Takeda pledges up to $1.13B for rights to Hutchmed's cancer drug fruquintinib outside of China

Since the start of the decade, big pharma companies from Europe and the United States have descended on China to get in on the country’s biotech boom.

The latest big pharma player to get a piece of the action however is closer to home. Takeda of Japan has partnered with Hong Kong-based Hutchmed, gaining the commercial rights to colorectal cancer drug fruquintinib outside of China for $400 million up front, plus $730 million in potential milestone payments.

The oral vascular endothelial growth factor receptors (VEGFR) 1/2/3 tyrosine kinase inhibitor is progressing toward approval in the U.S. and Europe, with submissions planned this year. In 2018, fruquintinib became the first domestically produced drug for a major cancer type to be approved in China, where it is known as Elunate and is marketed by Eli Lilly, through a deal signed in 2013.

Takeda also will help develop fruquintinib, which can be applied to subtypes of refractory metastatic colorectal cancer, regardless of biomarker status, the companies said.

“Fruquintinib has the potential to change the treatment landscape for patients with refractory metastatic CRC who are in need of additional treatment options,” Teresa Bitetti, president of global oncology business at Takeda, said in a release.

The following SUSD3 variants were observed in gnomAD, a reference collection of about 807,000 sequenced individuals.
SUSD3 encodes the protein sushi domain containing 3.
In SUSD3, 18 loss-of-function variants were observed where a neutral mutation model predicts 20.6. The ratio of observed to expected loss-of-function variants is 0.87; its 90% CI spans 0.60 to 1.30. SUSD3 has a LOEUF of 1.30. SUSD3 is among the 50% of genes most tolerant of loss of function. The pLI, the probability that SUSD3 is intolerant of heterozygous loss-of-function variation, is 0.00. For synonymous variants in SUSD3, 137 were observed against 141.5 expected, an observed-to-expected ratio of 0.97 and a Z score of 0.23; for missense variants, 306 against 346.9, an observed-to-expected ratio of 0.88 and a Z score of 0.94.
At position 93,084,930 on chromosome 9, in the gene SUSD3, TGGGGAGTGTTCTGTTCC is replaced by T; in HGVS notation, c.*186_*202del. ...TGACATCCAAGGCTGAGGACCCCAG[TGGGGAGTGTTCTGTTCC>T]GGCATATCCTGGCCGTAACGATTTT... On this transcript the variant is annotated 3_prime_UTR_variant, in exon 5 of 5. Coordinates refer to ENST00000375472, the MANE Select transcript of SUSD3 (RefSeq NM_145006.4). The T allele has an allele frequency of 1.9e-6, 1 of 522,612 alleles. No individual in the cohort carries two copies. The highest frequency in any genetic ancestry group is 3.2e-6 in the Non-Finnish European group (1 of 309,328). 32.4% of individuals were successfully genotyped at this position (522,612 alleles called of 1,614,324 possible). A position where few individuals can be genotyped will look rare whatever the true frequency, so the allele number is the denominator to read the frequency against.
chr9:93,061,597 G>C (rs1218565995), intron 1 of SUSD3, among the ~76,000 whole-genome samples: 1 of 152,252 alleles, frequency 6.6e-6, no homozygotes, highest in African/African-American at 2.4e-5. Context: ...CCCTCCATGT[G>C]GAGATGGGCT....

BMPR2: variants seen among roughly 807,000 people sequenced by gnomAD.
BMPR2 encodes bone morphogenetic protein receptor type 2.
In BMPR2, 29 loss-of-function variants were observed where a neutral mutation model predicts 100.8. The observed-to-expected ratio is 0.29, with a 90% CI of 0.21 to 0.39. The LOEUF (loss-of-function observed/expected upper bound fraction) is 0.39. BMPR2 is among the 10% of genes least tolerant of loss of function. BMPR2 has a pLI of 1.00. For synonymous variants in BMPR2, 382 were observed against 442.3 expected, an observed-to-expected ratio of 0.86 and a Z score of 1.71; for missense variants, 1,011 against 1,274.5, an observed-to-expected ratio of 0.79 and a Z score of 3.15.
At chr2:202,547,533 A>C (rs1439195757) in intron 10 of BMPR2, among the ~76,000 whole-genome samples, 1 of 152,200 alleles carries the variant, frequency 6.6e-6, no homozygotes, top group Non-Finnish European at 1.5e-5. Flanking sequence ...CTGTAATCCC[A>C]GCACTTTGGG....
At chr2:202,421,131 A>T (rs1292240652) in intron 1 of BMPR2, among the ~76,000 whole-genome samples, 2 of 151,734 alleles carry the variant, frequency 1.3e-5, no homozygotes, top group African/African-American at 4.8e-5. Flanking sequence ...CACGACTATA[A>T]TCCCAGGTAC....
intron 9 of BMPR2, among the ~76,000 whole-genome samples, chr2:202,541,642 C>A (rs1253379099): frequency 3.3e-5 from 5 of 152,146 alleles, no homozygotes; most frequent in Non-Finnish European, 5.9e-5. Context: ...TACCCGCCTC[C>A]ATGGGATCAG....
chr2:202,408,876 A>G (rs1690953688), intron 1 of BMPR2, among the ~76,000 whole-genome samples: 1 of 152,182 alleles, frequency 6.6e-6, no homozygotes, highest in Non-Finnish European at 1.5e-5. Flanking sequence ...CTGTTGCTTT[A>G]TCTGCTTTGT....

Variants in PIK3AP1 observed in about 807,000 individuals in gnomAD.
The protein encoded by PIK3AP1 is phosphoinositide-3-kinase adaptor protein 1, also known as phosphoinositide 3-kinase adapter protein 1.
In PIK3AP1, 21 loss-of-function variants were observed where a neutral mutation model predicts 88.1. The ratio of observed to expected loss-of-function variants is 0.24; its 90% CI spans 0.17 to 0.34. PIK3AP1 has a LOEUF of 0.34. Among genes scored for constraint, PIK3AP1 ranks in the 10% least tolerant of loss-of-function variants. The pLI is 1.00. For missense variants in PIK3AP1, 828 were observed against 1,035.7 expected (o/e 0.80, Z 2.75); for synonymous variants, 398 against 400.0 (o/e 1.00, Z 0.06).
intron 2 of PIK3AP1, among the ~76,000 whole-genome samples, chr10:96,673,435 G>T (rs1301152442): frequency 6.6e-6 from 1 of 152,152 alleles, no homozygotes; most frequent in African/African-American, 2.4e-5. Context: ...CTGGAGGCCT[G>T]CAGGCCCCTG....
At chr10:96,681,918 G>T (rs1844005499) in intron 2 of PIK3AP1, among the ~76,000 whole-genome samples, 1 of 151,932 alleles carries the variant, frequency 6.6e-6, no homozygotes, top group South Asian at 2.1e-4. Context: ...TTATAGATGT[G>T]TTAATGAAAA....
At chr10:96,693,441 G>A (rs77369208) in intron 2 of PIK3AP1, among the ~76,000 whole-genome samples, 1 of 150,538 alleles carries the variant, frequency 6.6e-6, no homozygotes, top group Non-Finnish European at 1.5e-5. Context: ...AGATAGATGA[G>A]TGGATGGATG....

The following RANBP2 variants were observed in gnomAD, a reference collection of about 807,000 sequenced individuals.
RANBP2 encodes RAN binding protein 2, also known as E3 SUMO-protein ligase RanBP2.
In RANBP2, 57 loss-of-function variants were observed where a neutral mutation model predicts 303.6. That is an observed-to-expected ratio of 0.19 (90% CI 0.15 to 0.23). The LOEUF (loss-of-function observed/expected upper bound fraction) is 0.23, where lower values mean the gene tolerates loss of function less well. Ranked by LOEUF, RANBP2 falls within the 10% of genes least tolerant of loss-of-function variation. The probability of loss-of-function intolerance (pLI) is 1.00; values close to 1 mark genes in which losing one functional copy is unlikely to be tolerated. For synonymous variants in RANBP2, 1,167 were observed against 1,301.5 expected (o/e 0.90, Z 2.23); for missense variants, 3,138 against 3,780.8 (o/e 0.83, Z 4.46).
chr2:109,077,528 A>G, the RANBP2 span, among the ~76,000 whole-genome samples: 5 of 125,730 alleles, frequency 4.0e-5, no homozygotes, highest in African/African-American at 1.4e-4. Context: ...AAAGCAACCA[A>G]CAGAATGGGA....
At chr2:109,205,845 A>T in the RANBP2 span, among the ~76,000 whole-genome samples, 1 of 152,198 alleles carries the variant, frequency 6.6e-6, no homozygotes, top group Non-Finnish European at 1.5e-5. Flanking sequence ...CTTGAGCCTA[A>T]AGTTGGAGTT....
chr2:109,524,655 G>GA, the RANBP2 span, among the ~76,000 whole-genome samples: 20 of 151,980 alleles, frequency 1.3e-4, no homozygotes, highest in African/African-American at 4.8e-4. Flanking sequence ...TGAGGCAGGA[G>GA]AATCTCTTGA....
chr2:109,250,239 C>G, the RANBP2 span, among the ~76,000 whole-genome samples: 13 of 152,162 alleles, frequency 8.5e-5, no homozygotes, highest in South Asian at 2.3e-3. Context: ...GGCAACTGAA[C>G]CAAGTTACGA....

Hutchmed CEO and CMO Weiguo Su added that Takeda will help “unlock” the potential of fruquintinib, which was hatched in 2007.

The partnership joins a score of other deals between big pharma and Chinese biotechs developing cancer drugs. Two years ago, Novartis teamed up with BeiGene to develop tislelizumab and commercialize it in Europe, North America and Japan.

Meanwhile Jiangsu-based Innovent has a long association with Lilly in the development of sintilimab. In 2020, Lilly expanded the partnership with a $200 million up front deal—plus $825 million in milestones—to commercialize it outside of China.

Five months ago, Innovent also made a $326 million development deal with Sanofi to combine sintilimab with two oncology drugs from the French drugmaker.

As for Takeda, the Japanese pharma giant sees a big opportunity with fruquintinib, which could become the first drug approved for third-line colorectal cancer in more than seven years. Bayer’s Stivarga reached the market in 2012, followed by Taiho and Servier’s Lonsurf, which came along three years later.

Four months ago, Hutchmed revealed data from its phase 3 trial of fruquintinib which showed a 34% reduction in death. Hutchmed’s international chief medical officer Marek Kania, M.D., called the study results “practice-changing.”